"Even staring me all the way through it," Leahy said. "He had no legs. A tiny man, I thought, 'How much he must hate me, this American?' Those areas probably were American landmine that crippled him. I lifted him into his wheelchair. He grabbed my shirt, he pulled me down and he kissed me. You never forget something like that."

This really is a legacy issue for Leahy. And he told me that he hopes to return to Vietnam before he retires.

Mitch: A powerful story. Sen. Leahy also played a key role in restoring diplomatic and economic ties with Cuba. How did that come about?

Bob Kinzel: Mitch, Leahy has always believed that imposing an economic embargo against Cuba made absolutely no sense at all. So he traveled to Cuba to learn more about the country and he developed a relationship with Fidel Castro that led to Leahy taking on the role of an emissary between the two countries. And this was at a time when the United States and Cuba didn't officially really recognize each other.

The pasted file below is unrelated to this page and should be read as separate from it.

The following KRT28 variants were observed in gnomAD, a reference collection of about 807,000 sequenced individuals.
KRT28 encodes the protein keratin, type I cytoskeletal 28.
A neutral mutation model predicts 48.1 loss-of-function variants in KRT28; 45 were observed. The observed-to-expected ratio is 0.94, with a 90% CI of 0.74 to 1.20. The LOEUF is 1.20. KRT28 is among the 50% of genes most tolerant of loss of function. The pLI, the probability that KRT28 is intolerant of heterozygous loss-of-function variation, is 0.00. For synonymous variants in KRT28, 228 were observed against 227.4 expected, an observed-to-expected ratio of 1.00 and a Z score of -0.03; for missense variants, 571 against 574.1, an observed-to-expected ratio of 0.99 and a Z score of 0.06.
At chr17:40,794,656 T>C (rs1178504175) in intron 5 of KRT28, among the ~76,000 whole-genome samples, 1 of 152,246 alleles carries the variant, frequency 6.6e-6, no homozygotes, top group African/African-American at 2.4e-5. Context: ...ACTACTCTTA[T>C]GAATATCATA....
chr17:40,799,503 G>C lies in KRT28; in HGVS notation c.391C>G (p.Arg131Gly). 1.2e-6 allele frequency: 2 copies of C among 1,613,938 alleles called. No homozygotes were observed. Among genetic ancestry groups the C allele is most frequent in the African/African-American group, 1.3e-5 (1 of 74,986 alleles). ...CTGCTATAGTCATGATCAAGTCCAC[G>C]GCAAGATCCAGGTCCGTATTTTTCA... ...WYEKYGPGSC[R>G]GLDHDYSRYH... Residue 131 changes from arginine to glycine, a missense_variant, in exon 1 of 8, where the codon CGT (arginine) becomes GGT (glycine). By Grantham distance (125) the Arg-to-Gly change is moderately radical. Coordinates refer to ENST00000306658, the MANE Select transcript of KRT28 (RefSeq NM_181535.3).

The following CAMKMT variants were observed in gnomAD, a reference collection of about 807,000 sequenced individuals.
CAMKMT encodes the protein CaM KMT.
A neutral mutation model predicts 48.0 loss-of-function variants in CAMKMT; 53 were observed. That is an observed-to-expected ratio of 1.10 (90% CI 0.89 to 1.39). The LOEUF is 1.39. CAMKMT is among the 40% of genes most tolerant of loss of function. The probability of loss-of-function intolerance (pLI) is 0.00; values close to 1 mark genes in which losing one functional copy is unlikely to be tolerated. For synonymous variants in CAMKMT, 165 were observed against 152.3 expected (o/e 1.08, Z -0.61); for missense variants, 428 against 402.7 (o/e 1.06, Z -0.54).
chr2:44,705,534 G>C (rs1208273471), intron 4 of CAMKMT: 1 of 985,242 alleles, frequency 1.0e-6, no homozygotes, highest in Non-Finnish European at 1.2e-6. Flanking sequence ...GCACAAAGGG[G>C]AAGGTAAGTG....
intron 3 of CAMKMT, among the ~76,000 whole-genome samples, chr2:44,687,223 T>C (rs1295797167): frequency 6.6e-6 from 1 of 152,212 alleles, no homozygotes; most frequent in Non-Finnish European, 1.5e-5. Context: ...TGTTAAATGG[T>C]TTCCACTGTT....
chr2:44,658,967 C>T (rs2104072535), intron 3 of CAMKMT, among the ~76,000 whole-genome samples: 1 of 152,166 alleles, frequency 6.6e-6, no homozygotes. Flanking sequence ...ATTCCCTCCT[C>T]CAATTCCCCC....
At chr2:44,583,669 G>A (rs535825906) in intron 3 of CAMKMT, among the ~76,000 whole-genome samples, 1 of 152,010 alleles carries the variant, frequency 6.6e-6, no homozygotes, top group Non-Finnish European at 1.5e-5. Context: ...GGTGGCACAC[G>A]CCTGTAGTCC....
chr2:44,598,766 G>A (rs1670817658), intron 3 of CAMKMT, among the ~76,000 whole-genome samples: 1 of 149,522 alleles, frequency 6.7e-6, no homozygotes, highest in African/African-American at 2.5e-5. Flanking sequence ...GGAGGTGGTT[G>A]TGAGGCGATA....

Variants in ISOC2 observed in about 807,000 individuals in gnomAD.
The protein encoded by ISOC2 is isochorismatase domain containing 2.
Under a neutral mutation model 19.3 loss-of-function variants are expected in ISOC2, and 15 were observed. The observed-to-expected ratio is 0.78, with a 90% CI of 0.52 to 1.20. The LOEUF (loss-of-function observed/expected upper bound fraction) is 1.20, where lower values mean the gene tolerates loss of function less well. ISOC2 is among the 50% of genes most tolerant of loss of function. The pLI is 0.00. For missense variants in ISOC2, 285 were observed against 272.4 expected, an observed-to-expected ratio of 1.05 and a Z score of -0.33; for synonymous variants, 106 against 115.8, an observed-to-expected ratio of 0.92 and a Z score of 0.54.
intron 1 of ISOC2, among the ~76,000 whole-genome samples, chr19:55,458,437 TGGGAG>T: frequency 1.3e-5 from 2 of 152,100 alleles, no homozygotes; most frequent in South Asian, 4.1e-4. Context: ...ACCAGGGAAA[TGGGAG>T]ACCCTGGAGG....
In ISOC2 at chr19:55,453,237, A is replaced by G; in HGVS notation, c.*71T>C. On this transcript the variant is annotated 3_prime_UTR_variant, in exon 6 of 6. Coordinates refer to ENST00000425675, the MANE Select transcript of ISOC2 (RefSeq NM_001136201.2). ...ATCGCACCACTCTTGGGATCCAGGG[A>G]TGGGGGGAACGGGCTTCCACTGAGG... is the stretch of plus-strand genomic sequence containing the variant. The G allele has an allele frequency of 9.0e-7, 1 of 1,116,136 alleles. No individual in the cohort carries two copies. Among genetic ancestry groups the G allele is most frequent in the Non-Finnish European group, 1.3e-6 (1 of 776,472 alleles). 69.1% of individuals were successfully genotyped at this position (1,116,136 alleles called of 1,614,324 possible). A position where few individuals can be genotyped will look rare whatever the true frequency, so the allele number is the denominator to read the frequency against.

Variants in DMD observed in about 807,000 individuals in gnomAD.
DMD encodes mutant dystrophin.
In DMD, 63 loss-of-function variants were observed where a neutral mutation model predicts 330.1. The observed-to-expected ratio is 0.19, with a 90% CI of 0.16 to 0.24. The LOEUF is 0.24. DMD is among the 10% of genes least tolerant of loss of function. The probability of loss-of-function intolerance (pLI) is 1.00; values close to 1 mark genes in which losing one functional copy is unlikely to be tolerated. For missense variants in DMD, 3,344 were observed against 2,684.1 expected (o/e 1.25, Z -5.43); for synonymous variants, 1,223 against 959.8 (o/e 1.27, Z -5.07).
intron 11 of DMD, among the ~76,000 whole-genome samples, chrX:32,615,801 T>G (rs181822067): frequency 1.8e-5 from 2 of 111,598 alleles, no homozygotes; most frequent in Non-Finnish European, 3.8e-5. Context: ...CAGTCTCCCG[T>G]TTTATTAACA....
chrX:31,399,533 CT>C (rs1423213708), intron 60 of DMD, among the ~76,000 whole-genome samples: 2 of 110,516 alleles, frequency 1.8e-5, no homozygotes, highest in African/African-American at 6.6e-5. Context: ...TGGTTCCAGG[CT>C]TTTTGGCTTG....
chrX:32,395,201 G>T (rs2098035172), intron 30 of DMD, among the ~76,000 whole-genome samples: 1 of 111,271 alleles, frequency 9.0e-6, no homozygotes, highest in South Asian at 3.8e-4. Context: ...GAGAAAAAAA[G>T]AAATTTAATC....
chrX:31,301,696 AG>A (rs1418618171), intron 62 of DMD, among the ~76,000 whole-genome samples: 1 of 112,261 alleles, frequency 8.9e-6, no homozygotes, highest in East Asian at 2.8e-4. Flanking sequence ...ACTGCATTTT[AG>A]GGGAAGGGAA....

"I had long discussions with Fidel Castro," Leahy said. "And we went back and forth. I argued with him. He argued with me. Staff was amazed, because nobody ever argued with him. And we kept in touch. I would tell them the truth. I tell them good news and bad news. They'd use me to bring messages back and forth. We ended up doing that."

Leahy's work with both Fidel Castro and his brother Raul would lead to a number of important prisoner exchanges between the two countries.

Mitch: Sen. Leahy was also strongly critical of the administration of President George W. Bush, for holding hundreds of people indefinitely without a trial, legal protections or even charges in some cases, at a special detention center at the U.S. military base in Guantanamo Bay, Cuba. And that followed, of course, the 911 terrorist attacks against the United States. Why was this issue about Guantanamo Bay so important for Leahy?